Comparatively, Central and South American destinations are closer, by way of both time-zone compatibility (in terms of virtual meetings / conferences) as well as geographical proximity (in terms of travel) for North American clients. The same goes for Eastern Europe in the case of European clients. Also, clients find better cultural compatibility in dealing with teams in those destinations, and business communication between client and provider teams is relatively easier and smoother. Language barriers are not significantly higher than when dealing with India, and in many cases may even be lower. Also, attrition is comparatively much lower in most of these destinations. The only disadvantages these destinations have are: skill mix, scalability (especially in terms of ramp-up time) and process maturity. And that is where India has been scoring. Of all competing destinations, China is the only one that has the capability (not to mention the will!) of outstripping India on these fronts. Through concerted efforts in strengthening infrastructure (power, telecoms, etc.), in fighting attrition, in broadening and deepening the pool of trained and qualified professionals, and in imparting cross-cultural and soft-skills training to its resources (a la finishing schools), India can hope to keep the No. 2 slot if / when China overtakes India (may just be a matter of time). Perhaps this is a more pragmatic goal for India as an off-shoring destination.

That said, the opportunity for Indian companies to maintain their leadership position lies not in trying to fight the up-hill battle of keeping India as the most preferred destination. In fact, it lies in not confining themselves to India as a destination. Again, this is not an epiphany — in fact it is not even news. Most of the top-tier India-based service providers (including those founded by entrepreneurs of Indian origin) have already started the process of building (or in some cases, consolidating) ‘near-shore’ hubs in Central and South America, Eastern Europe and other regions. A few have done this through organic growth, but most have done so through acquisitions of stake in local players, to whom Indian companies offer stability, scale, leadership in process maturity and access to other markets, in return for a better presence in the local / regional market, a ready local client base, and the ability to provide a multi-locational offering to their global clients. Leading Indian companies have already figured out that globalization is no longer about staying in India and offering ITO / BPO type of services to the world, as clients have increasingly started demanding lower attrition rates and flexibility in terms of location and time-zones, over and above range of skills, scalability and process maturity.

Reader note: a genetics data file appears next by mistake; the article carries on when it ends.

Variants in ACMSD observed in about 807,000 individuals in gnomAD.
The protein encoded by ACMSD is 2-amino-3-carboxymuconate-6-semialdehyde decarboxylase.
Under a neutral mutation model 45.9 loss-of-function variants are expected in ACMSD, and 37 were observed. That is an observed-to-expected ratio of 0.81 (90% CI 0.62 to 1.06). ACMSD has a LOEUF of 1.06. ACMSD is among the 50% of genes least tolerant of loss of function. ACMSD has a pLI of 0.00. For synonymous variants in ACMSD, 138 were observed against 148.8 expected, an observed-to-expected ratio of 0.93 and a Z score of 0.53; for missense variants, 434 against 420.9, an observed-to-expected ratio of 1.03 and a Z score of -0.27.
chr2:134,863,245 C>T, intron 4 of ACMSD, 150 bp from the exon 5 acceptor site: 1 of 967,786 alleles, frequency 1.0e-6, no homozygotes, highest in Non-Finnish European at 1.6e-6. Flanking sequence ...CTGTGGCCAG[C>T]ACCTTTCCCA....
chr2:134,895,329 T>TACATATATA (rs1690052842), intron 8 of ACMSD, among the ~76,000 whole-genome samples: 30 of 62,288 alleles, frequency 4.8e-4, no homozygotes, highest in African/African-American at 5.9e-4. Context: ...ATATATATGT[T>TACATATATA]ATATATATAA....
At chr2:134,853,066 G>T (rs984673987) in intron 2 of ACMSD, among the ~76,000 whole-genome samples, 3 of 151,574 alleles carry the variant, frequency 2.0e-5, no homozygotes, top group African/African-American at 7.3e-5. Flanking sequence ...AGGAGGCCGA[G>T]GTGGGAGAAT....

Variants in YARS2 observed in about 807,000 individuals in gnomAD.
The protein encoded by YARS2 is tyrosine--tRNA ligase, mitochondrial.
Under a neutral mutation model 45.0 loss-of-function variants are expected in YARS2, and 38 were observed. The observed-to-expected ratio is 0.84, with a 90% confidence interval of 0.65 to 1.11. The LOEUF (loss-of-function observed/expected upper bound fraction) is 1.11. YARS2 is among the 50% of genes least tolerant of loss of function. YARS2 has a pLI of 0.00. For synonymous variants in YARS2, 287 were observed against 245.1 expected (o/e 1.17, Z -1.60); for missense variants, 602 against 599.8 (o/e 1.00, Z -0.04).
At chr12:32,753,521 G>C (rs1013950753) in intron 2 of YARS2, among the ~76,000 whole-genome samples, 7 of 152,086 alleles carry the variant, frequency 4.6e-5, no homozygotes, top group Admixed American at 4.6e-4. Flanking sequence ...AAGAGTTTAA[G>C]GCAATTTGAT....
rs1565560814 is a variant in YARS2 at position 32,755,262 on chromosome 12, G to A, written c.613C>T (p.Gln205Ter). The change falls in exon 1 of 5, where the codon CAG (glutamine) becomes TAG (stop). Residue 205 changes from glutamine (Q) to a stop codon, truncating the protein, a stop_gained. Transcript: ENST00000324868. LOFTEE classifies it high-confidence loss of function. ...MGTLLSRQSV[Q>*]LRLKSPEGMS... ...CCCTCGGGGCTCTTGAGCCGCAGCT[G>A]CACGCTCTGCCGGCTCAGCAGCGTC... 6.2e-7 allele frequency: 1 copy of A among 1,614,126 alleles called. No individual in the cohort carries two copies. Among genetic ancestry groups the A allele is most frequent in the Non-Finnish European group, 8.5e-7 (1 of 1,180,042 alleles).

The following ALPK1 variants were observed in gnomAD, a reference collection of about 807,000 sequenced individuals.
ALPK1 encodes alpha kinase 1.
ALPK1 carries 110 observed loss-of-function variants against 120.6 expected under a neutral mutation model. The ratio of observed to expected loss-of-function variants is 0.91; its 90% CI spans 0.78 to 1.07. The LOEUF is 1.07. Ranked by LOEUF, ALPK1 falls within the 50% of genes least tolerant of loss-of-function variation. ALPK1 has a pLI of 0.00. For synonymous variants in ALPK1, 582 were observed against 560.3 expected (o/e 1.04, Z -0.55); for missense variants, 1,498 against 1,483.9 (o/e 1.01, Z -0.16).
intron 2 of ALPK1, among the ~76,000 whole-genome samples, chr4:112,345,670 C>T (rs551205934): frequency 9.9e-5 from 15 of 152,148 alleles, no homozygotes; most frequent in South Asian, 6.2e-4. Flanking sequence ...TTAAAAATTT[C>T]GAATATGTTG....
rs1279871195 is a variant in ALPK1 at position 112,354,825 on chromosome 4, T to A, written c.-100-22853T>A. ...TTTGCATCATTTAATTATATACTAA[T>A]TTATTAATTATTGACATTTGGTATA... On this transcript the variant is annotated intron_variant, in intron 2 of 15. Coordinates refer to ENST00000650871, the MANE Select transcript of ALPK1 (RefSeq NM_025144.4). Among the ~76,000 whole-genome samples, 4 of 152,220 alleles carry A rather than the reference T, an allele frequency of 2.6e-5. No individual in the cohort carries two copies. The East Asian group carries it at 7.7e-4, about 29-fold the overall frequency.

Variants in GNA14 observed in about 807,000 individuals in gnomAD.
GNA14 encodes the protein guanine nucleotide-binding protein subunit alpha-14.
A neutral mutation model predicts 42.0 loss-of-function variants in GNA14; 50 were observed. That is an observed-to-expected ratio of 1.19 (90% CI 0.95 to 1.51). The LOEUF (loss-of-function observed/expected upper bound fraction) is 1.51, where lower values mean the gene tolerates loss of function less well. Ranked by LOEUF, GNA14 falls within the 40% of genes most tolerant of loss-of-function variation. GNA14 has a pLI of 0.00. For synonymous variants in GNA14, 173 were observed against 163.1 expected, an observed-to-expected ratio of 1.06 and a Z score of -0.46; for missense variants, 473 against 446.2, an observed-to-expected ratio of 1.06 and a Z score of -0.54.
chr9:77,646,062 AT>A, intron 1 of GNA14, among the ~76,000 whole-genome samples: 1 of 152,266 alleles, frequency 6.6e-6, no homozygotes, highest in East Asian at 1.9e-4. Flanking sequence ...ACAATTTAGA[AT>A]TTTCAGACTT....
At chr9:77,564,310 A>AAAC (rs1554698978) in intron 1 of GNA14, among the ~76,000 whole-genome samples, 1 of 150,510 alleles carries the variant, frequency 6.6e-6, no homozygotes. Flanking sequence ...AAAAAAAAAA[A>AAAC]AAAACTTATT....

India as a destination will lose its leadership position in a few years — at the very least, the gap between India and other destinations will start closing rapidly (it already is) as they ramp-up and start competing. Innovativeness is not a special gift that is unique to India-based talent pools and believing that it is so can at best be termed as misplaced patriotism (at worst, it is a kind of jingoistic denial of reality) on the part of Indians. Innovation is a great value proposition and I am not suggesting that it should be abandoned altogether (especially because others will start offering it too!) The smart thing to do, for service providers of Indian origin, is to focus on developing a global delivery footprint (not just sales offices) and the ability to provide the right mix of capability, capacity (i.e., scale), team stability and cultural compatibility, and process excellence, at locations preferred by the client — on-site/ off-site/ near-shore/ off-shore. And as the adoption of globalization shifts to the mid-tier client base, focus on forging strong partnerships with clients to achieve the distinction of becoming an extended team of the client organization. Cultural compatibility and responsiveness to changing client needs are key. Innovation will just be a hygiene factor.

Posted in Operations, Organization, Strategy | Tagged: , , , , , , , | Leave a Comment »